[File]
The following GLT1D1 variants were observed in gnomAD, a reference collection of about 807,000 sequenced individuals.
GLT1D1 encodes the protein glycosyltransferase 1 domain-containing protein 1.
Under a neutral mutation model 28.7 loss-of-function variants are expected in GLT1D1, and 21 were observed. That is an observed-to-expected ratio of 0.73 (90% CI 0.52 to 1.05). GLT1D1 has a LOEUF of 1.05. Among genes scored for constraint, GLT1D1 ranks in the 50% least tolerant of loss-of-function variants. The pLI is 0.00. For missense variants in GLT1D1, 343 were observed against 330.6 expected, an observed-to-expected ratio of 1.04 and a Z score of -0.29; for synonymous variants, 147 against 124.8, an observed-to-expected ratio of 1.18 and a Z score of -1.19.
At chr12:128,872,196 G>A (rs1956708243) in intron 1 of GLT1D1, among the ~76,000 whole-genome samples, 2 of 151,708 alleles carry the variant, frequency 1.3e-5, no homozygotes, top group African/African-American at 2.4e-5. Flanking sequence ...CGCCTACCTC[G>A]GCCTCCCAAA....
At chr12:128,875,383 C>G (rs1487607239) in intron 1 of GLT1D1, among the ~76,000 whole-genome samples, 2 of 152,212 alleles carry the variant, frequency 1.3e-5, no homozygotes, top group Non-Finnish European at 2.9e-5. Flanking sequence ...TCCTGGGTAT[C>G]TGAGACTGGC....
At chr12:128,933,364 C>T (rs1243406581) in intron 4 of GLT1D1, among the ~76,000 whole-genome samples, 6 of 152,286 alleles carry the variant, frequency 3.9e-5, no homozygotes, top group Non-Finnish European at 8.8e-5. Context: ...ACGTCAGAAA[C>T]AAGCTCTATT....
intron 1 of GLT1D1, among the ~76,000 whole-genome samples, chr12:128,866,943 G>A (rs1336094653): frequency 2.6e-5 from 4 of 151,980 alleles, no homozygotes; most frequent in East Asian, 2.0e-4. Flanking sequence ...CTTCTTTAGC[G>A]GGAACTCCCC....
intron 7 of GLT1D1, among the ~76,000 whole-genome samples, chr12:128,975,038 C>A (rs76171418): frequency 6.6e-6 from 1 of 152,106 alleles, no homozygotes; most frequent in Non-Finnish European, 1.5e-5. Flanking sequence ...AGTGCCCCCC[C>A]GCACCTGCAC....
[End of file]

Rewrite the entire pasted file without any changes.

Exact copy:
The following GLT1D1 variants were observed in gnomAD, a reference collection of about 807,000 sequenced individuals.
GLT1D1 encodes the protein glycosyltransferase 1 domain-containing protein 1.
Under a neutral mutation model 28.7 loss-of-function variants are expected in GLT1D1, and 21 were observed. That is an observed-to-expected ratio of 0.73 (90% CI 0.52 to 1.05). GLT1D1 has a LOEUF of 1.05. Among genes scored for constraint, GLT1D1 ranks in the 50% least tolerant of loss-of-function variants. The pLI is 0.00. For missense variants in GLT1D1, 343 were observed against 330.6 expected, an observed-to-expected ratio of 1.04 and a Z score of -0.29; for synonymous variants, 147 against 124.8, an observed-to-expected ratio of 1.18 and a Z score of -1.19.
At chr12:128,872,196 G>A (rs1956708243) in intron 1 of GLT1D1, among the ~76,000 whole-genome samples, 2 of 151,708 alleles carry the variant, frequency 1.3e-5, no homozygotes, top group African/African-American at 2.4e-5. Flanking sequence ...CGCCTACCTC[G>A]GCCTCCCAAA....
At chr12:128,875,383 C>G (rs1487607239) in intron 1 of GLT1D1, among the ~76,000 whole-genome samples, 2 of 152,212 alleles carry the variant, frequency 1.3e-5, no homozygotes, top group Non-Finnish European at 2.9e-5. Flanking sequence ...TCCTGGGTAT[C>G]TGAGACTGGC....
At chr12:128,933,364 C>T (rs1243406581) in intron 4 of GLT1D1, among the ~76,000 whole-genome samples, 6 of 152,286 alleles carry the variant, frequency 3.9e-5, no homozygotes, top group Non-Finnish European at 8.8e-5. Context: ...ACGTCAGAAA[C>T]AAGCTCTATT....
intron 1 of GLT1D1, among the ~76,000 whole-genome samples, chr12:128,866,943 G>A (rs1336094653): frequency 2.6e-5 from 4 of 151,980 alleles, no homozygotes; most frequent in East Asian, 2.0e-4. Flanking sequence ...CTTCTTTAGC[G>A]GGAACTCCCC....
intron 7 of GLT1D1, among the ~76,000 whole-genome samples, chr12:128,975,038 C>A (rs76171418): frequency 6.6e-6 from 1 of 152,106 alleles, no homozygotes; most frequent in Non-Finnish European, 1.5e-5. Flanking sequence ...AGTGCCCCCC[C>A]GCACCTGCAC....